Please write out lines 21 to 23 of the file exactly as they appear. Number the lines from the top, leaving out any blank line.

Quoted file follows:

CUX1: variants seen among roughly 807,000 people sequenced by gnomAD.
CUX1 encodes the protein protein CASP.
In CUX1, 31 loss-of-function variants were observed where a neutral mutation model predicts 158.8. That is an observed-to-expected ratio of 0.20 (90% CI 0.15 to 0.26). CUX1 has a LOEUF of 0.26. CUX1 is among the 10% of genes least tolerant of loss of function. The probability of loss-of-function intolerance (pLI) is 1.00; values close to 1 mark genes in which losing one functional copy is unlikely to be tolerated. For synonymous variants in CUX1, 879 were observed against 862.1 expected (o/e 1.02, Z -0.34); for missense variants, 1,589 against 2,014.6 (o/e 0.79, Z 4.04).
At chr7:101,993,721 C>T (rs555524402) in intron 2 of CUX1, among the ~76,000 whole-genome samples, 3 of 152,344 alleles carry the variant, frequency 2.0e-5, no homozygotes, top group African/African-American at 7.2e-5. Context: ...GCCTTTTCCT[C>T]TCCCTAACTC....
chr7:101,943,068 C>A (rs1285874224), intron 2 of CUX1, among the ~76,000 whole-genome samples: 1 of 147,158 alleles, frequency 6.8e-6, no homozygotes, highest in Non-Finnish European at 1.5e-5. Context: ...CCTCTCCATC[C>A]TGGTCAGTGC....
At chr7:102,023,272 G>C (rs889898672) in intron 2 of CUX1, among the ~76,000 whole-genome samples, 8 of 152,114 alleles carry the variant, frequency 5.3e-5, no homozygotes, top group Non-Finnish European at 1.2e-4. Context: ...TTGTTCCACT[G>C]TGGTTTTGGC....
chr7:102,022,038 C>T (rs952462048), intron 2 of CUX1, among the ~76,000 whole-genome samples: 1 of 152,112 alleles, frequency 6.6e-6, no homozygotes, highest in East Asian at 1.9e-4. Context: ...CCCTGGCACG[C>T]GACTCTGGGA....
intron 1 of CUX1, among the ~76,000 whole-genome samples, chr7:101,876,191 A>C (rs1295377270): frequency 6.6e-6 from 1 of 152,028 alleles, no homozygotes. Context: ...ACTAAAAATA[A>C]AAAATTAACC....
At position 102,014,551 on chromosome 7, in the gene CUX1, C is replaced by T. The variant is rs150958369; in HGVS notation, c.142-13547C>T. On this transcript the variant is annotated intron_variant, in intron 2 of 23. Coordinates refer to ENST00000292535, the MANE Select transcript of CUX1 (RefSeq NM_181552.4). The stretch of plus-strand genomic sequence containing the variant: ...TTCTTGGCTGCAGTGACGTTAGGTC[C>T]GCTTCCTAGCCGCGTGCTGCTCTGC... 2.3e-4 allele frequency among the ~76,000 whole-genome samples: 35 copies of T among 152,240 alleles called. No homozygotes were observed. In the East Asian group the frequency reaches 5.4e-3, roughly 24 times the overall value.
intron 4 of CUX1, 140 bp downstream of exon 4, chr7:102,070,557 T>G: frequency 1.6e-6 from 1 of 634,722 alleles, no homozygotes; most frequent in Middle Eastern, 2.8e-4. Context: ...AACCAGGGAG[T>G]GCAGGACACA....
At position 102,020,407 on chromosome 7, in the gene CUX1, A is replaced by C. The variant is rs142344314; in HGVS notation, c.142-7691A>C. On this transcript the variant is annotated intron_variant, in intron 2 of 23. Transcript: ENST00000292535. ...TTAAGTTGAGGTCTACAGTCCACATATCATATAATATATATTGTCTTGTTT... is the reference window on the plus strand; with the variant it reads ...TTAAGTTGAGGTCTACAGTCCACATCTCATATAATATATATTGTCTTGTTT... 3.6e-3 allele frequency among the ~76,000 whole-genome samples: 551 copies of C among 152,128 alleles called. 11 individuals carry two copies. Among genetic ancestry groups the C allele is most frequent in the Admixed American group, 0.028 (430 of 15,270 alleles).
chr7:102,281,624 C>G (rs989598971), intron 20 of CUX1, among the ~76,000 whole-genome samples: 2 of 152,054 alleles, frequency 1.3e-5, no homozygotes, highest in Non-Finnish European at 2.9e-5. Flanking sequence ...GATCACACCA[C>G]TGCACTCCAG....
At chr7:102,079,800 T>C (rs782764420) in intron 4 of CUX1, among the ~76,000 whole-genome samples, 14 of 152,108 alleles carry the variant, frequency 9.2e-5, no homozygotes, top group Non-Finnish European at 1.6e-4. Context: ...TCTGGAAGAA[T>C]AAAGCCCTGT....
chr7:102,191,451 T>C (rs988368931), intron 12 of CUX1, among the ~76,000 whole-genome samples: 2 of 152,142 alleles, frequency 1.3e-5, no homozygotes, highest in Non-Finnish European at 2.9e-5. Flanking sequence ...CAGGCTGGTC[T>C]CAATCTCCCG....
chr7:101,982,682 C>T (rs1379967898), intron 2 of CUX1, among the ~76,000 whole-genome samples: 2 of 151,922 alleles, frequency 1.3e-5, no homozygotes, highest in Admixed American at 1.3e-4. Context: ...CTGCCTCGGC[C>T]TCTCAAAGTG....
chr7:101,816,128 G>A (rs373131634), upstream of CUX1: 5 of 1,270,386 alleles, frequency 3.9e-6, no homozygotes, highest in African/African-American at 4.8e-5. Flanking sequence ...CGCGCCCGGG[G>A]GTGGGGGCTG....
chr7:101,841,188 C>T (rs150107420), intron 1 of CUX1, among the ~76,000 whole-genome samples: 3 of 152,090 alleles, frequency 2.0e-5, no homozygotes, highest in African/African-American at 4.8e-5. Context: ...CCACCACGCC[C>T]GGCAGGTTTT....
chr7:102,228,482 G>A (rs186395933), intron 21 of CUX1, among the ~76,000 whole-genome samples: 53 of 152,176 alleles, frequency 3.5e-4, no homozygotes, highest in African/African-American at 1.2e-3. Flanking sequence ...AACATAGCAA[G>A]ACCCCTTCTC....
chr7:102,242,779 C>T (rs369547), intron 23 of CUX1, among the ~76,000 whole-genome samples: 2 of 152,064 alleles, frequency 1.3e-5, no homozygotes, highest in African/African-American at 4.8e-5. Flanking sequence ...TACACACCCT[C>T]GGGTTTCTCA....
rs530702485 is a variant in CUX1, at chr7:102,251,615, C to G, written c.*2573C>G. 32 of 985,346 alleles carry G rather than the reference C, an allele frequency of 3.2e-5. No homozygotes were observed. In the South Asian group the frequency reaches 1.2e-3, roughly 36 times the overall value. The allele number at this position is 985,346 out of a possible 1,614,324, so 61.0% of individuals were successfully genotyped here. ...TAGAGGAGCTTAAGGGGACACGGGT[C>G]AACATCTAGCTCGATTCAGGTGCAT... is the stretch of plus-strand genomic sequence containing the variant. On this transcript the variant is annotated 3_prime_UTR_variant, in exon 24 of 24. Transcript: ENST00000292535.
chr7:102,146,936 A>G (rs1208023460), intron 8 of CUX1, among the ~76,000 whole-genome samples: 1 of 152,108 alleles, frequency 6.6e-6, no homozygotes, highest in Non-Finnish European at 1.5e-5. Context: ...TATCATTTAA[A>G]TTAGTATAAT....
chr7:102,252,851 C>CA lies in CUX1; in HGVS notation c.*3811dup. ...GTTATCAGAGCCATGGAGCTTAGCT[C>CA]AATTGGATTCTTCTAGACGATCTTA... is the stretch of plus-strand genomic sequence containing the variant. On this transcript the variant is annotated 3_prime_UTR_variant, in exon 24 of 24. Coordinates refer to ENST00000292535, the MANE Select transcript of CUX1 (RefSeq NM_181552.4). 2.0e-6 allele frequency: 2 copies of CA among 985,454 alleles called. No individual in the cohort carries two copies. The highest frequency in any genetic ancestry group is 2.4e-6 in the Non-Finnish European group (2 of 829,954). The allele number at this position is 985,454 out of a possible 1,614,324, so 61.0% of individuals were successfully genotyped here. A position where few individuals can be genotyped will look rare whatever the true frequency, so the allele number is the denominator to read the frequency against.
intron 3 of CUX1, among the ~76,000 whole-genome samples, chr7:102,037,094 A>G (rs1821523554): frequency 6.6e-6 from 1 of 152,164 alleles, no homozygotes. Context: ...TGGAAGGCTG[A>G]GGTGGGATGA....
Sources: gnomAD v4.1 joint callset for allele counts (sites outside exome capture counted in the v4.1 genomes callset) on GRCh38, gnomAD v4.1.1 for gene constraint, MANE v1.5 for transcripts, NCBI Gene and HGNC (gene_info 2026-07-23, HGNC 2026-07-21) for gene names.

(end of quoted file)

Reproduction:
chr7:102,146,936 A>G (rs1208023460), intron 8 of CUX1, among the ~76,000 whole-genome samples: 1 of 152,108 alleles, frequency 6.6e-6, no homozygotes, highest in Non-Finnish European at 1.5e-5. Context: ...TATCATTTAA[A>G]TTAGTATAAT....
chr7:102,252,851 C>CA lies in CUX1; in HGVS notation c.*3811dup. ...GTTATCAGAGCCATGGAGCTTAGCT[C>CA]AATTGGATTCTTCTAGACGATCTTA... is the stretch of plus-strand genomic sequence containing the variant. On this transcript the variant is annotated 3_prime_UTR_variant, in exon 24 of 24. Coordinates refer to ENST00000292535, the MANE Select transcript of CUX1 (RefSeq NM_181552.4). 2.0e-6 allele frequency: 2 copies of CA among 985,454 alleles called. No individual in the cohort carries two copies. The highest frequency in any genetic ancestry group is 2.4e-6 in the Non-Finnish European group (2 of 829,954). The allele number at this position is 985,454 out of a possible 1,614,324, so 61.0% of individuals were successfully genotyped here. A position where few individuals can be genotyped will look rare whatever the true frequency, so the allele number is the denominator to read the frequency against.
intron 3 of CUX1, among the ~76,000 whole-genome samples, chr7:102,037,094 A>G (rs1821523554): frequency 6.6e-6 from 1 of 152,164 alleles, no homozygotes. Context: ...TGGAAGGCTG[A>G]GGTGGGATGA....